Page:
How Can Schools Get Quality STEM Teachers in All Classrooms? Essays Offer Advice
Fewer than half the 8th graders in the United States have a science teacher with an undergraduate degree in the field, according to data from the National Assessment of Educational Progress. And in rural communities, that percentage drops to just 44 percent.
The Education Week Commentary team compiled a great package of essays from thought leaders in the education field addressing these very questions.
For example, many school districts have reported teacher shortages in the past few years, and high school science and mathematics are traditionally the areas with the largest staffing deficiencies. Essays in the package explore possible solutions to the shortages.
And then there's advice for science teachers themselves. Jessica Weller and Lynn A. Bryan give tips on teaching science in a rural school (hint: knowledge isn't enough). Kirsten Daehler writes about the "secret sauce" in professional development for science teachers: "offering teachers first-hand learning experiences that are science-rich, cognitively challenging, collaborative, and fun."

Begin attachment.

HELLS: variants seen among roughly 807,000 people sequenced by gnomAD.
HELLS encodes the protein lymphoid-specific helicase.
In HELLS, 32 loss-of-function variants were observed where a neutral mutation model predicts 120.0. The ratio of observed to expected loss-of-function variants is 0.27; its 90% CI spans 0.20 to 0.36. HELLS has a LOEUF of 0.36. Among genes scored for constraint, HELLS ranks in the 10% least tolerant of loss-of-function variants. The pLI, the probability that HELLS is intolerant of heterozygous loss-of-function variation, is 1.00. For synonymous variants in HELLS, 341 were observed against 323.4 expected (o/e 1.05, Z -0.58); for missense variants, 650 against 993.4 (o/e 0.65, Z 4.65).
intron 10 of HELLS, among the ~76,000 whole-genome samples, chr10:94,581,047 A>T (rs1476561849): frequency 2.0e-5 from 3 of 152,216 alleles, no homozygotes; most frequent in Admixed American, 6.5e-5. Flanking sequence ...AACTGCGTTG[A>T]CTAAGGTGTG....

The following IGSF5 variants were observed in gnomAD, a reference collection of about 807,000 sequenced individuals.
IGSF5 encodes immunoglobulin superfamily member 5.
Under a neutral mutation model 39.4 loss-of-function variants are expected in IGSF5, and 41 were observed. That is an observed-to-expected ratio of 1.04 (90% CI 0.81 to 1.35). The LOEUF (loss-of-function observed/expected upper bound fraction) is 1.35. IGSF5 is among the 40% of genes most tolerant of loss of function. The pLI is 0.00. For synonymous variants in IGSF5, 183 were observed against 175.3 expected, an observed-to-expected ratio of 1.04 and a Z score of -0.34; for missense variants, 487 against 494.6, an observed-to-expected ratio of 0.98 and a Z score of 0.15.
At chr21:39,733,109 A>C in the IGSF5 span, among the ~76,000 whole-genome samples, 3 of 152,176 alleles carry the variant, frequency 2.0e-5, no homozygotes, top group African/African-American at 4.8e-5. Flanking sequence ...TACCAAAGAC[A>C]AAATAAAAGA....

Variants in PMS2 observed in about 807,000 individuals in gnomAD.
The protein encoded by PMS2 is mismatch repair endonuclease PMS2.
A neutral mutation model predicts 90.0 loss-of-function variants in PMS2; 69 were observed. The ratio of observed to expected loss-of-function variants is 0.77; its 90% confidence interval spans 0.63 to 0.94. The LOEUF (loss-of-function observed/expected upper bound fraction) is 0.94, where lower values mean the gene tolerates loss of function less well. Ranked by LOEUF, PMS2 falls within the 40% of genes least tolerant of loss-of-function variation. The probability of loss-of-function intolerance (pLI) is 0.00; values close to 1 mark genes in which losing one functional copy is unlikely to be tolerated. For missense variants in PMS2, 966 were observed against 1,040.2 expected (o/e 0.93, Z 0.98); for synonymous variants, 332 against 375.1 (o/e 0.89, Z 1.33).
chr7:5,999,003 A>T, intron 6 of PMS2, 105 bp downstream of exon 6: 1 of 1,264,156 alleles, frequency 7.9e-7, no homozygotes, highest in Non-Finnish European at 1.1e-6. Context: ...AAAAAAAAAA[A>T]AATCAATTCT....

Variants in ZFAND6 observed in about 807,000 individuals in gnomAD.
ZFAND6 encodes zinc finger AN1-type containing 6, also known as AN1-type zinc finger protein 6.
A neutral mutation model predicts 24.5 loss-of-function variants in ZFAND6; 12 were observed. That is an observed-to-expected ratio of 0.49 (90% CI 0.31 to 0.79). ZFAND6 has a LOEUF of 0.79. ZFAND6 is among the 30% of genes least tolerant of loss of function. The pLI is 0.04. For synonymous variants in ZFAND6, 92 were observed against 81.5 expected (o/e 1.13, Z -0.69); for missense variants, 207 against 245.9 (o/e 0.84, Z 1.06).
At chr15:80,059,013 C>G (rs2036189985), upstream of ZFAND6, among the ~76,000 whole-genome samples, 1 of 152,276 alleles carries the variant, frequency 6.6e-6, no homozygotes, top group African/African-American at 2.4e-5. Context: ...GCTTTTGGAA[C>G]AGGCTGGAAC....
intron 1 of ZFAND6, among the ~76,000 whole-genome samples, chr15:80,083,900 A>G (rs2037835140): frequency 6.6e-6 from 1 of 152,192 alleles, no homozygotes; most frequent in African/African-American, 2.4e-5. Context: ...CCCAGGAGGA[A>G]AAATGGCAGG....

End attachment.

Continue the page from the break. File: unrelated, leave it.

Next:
And Justin Louie shares what he has learned in the science classroom—mainly that receiving support is critical that first year, and that schools need to allow teachers to continue to hone their skills.
"I once lamented to a former professor that teaching would be so much easier if we could just download all the information we needed into our brains," he wrote. "I have since learned in my 10 years in the classroom that teaching is exciting because of the learning that teachers experience alongside their students."
For an example of a program that encourages science teachers to bring a love of exploration into the classroom, see Education Week Teacher's video and accompanying article on the Exploratorium museum's Teacher Induction Program in San Francisco.
Source: Illustration by Peter Hoey for Education Week